Our research focuses on analog/mixed-signal integrated circuit (IC) design, with an emphasis on high-speed wireline, mixed-signal-based embedded machine learning, and cryogenic CMOS-based circuits for quantum computing signal conditioning and readout. Particularly, in the next few years we will focus on the following topics:

  1. High-speed wireline communications. The emergence of cloud computing, machine learning, and artificial intelligence is gradually saturating network workloads, demanding a rapid growth in datacenter bandwidth, which doubles every 3-4 years. Hence, there is a need for new electrical interfaces that can cope with the required ultra-high bandwidths. This research will explore various aspects of wireline interfaces spanning, clock generation, clock & data recovery, transmitters/receivers, data converters, and equalization with particular emphasis on ultra-high data rates and low power interfaces. Furthermore, this research will explore the integration of photonics with CMOS (i.e., silicon photonics).
  2. Mixed-signal computing for neural networks. Modern deep neural networks (DNNs) require billions of multiply-accumulate (MAC) operations per inference. Analog computing is rising as a feasible option for MAC operations as they demand relatively low precision, while being more efficient than digital computing in the low signal-to-noise ratio (SNR) regime.  This research will investigate the potential of mixed-signal computing techniques for modern DNN architectures, which are typically limited by memory access, using CMOS and beyond-CMOS components.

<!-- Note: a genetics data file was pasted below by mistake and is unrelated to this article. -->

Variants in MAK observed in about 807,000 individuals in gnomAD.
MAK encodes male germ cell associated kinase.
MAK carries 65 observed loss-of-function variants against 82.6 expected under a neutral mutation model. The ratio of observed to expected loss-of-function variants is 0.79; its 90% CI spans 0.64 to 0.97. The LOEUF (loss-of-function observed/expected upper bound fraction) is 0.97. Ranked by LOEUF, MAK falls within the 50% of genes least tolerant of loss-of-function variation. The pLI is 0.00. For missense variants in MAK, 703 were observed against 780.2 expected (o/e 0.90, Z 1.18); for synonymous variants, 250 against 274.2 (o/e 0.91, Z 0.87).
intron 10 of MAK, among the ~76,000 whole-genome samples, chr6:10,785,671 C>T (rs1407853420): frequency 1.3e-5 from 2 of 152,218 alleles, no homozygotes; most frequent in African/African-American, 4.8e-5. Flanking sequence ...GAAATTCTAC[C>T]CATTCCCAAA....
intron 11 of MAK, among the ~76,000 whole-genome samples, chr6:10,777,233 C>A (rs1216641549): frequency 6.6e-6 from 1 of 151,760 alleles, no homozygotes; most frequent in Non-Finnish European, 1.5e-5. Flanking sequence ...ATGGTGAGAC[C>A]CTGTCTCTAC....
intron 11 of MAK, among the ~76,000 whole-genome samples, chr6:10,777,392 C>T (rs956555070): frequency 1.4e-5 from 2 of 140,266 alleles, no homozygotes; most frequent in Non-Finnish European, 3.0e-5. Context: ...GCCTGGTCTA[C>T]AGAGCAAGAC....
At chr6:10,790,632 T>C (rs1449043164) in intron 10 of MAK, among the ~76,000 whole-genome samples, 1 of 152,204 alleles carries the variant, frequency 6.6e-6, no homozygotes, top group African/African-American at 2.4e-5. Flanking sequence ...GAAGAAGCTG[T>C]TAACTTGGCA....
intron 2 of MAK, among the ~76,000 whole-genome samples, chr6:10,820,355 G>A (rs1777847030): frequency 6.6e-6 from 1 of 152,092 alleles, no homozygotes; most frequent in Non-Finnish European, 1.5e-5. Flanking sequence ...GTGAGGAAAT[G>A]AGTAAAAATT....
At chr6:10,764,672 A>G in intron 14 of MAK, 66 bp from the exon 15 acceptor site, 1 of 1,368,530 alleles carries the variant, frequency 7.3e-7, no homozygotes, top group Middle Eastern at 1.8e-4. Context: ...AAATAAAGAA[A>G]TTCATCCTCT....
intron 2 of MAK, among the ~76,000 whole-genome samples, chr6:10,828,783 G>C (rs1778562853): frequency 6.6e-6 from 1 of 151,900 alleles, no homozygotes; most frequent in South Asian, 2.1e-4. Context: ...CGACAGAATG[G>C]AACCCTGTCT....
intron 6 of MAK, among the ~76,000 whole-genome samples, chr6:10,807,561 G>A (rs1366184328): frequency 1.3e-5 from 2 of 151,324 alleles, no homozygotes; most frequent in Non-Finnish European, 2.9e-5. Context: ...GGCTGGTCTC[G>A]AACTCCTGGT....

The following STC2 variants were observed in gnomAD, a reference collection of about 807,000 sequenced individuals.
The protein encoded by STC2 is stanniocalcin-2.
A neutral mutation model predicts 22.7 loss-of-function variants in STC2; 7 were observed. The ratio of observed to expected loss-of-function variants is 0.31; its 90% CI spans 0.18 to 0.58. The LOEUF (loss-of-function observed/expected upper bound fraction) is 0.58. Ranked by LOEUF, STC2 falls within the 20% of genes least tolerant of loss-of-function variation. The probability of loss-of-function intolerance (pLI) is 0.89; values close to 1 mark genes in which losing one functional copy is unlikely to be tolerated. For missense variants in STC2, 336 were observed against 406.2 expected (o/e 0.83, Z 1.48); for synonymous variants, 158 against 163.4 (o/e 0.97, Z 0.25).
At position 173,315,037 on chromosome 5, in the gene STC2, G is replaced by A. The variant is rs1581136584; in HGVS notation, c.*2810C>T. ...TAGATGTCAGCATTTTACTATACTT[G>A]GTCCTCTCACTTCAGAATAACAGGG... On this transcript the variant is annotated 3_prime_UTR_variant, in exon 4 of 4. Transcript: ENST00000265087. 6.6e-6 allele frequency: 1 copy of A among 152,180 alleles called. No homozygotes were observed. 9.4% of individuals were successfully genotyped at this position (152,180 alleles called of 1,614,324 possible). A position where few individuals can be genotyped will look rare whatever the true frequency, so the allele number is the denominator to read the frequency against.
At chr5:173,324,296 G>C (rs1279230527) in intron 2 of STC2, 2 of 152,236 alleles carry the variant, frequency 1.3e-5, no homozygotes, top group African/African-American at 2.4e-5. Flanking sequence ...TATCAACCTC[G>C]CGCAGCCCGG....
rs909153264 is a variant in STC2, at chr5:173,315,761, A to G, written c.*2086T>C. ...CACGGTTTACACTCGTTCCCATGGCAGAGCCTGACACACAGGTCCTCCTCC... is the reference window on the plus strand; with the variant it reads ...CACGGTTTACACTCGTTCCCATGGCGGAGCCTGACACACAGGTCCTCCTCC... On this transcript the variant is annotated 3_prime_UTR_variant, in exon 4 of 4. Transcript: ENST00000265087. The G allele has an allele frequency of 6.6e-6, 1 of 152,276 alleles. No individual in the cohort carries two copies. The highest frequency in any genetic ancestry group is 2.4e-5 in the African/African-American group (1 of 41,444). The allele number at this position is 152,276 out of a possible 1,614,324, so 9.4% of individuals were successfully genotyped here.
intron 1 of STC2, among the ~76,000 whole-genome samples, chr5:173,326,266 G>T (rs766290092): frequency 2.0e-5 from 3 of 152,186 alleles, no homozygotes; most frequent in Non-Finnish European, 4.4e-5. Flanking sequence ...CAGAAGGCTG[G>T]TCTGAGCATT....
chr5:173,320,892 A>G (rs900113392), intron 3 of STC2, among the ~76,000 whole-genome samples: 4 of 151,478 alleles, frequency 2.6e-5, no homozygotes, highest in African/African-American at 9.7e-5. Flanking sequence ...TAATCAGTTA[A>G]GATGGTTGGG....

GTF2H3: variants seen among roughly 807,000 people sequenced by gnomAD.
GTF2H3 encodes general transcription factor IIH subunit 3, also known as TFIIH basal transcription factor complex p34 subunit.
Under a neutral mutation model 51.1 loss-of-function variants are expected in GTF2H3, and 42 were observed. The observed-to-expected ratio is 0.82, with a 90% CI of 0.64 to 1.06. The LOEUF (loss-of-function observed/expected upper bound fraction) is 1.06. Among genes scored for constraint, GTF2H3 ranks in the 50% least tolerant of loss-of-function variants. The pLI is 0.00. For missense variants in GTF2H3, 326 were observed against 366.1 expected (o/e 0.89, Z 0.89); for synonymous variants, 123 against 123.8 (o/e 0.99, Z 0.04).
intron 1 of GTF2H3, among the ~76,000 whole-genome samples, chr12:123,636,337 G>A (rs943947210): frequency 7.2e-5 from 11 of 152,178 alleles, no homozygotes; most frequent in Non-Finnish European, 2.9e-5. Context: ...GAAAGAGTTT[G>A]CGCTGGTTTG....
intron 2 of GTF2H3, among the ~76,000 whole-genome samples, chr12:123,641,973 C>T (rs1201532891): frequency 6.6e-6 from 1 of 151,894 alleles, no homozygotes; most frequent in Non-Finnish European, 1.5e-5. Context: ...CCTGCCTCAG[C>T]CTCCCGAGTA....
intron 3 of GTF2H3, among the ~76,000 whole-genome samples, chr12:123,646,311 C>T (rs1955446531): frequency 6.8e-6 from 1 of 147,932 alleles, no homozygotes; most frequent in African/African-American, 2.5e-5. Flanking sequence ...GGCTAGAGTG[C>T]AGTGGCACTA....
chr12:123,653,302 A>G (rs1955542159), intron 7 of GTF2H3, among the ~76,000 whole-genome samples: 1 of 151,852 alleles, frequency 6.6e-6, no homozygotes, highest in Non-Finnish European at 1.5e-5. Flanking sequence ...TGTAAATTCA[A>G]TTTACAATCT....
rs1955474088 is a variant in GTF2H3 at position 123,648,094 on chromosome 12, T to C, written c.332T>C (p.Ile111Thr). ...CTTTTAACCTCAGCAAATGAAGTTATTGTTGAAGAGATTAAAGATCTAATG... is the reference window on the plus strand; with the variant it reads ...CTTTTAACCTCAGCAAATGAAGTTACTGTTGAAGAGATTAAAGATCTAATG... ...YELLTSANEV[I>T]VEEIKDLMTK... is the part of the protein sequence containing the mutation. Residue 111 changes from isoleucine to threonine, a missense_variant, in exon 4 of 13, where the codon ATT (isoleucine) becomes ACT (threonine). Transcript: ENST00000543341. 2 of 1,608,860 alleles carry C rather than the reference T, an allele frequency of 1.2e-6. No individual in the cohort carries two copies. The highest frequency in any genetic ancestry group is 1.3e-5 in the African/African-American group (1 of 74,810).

3. Cryogenic CMOS for quantum computing. Quantum computing has the potential to create a paradigm shift in computing. Among the several implementations of qubits for quantum computers, semiconductor-based quantum computing, especially using CMOS technologies, is promising because it can be used to implement large arrays of qubits with their control and readout circuitry on a single chip. Hot qubits, based on quantum dots, can work at 4 K, easing the power budget, size, and complexity of the cryocooling system. This research will focus on exploring reliable quantum-to-classic-electronics (control and readout circuits) to tackle the challenges that prevent the large-scale integration of qubits.